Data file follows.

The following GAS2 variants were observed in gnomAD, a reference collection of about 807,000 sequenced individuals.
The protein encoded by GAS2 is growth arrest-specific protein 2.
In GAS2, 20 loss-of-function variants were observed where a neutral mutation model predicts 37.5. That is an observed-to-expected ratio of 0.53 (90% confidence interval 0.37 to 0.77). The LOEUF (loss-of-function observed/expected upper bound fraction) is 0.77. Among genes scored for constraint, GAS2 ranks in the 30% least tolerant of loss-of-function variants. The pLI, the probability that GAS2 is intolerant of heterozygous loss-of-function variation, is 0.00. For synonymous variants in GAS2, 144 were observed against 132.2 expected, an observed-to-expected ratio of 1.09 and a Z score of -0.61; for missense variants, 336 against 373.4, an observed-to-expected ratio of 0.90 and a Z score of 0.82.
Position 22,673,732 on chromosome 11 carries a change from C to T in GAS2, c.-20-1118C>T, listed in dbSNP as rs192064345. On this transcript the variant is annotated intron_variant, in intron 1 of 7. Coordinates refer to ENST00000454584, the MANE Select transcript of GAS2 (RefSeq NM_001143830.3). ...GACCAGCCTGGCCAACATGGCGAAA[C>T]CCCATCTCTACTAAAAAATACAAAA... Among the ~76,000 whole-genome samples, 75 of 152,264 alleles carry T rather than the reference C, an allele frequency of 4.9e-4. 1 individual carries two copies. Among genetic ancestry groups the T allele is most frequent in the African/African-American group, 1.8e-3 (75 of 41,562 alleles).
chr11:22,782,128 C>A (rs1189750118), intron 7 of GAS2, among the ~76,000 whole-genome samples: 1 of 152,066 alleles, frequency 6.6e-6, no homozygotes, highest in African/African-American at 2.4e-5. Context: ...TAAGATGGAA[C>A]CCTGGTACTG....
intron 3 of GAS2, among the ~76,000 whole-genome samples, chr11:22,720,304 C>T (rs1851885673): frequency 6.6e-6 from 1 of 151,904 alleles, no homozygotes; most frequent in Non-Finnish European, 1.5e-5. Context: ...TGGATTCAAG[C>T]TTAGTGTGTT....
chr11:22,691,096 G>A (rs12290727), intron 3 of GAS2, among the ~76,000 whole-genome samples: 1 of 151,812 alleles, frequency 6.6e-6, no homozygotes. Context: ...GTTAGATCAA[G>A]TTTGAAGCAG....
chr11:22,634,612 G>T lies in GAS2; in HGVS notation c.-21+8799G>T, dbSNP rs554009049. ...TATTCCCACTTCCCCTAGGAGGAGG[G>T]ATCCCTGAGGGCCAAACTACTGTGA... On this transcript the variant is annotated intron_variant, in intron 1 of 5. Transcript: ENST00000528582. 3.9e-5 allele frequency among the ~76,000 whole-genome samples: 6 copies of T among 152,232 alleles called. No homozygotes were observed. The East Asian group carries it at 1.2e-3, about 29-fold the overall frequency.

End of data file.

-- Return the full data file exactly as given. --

The following GAS2 variants were observed in gnomAD, a reference collection of about 807,000 sequenced individuals.
The protein encoded by GAS2 is growth arrest-specific protein 2.
In GAS2, 20 loss-of-function variants were observed where a neutral mutation model predicts 37.5. That is an observed-to-expected ratio of 0.53 (90% confidence interval 0.37 to 0.77). The LOEUF (loss-of-function observed/expected upper bound fraction) is 0.77. Among genes scored for constraint, GAS2 ranks in the 30% least tolerant of loss-of-function variants. The pLI, the probability that GAS2 is intolerant of heterozygous loss-of-function variation, is 0.00. For synonymous variants in GAS2, 144 were observed against 132.2 expected, an observed-to-expected ratio of 1.09 and a Z score of -0.61; for missense variants, 336 against 373.4, an observed-to-expected ratio of 0.90 and a Z score of 0.82.
Position 22,673,732 on chromosome 11 carries a change from C to T in GAS2, c.-20-1118C>T, listed in dbSNP as rs192064345. On this transcript the variant is annotated intron_variant, in intron 1 of 7. Coordinates refer to ENST00000454584, the MANE Select transcript of GAS2 (RefSeq NM_001143830.3). ...GACCAGCCTGGCCAACATGGCGAAA[C>T]CCCATCTCTACTAAAAAATACAAAA... Among the ~76,000 whole-genome samples, 75 of 152,264 alleles carry T rather than the reference C, an allele frequency of 4.9e-4. 1 individual carries two copies. Among genetic ancestry groups the T allele is most frequent in the African/African-American group, 1.8e-3 (75 of 41,562 alleles).
chr11:22,782,128 C>A (rs1189750118), intron 7 of GAS2, among the ~76,000 whole-genome samples: 1 of 152,066 alleles, frequency 6.6e-6, no homozygotes, highest in African/African-American at 2.4e-5. Context: ...TAAGATGGAA[C>A]CCTGGTACTG....
intron 3 of GAS2, among the ~76,000 whole-genome samples, chr11:22,720,304 C>T (rs1851885673): frequency 6.6e-6 from 1 of 151,904 alleles, no homozygotes; most frequent in Non-Finnish European, 1.5e-5. Context: ...TGGATTCAAG[C>T]TTAGTGTGTT....
chr11:22,691,096 G>A (rs12290727), intron 3 of GAS2, among the ~76,000 whole-genome samples: 1 of 151,812 alleles, frequency 6.6e-6, no homozygotes. Context: ...GTTAGATCAA[G>A]TTTGAAGCAG....
chr11:22,634,612 G>T lies in GAS2; in HGVS notation c.-21+8799G>T, dbSNP rs554009049. ...TATTCCCACTTCCCCTAGGAGGAGG[G>T]ATCCCTGAGGGCCAAACTACTGTGA... On this transcript the variant is annotated intron_variant, in intron 1 of 5. Transcript: ENST00000528582. 3.9e-5 allele frequency among the ~76,000 whole-genome samples: 6 copies of T among 152,232 alleles called. No homozygotes were observed. The East Asian group carries it at 1.2e-3, about 29-fold the overall frequency.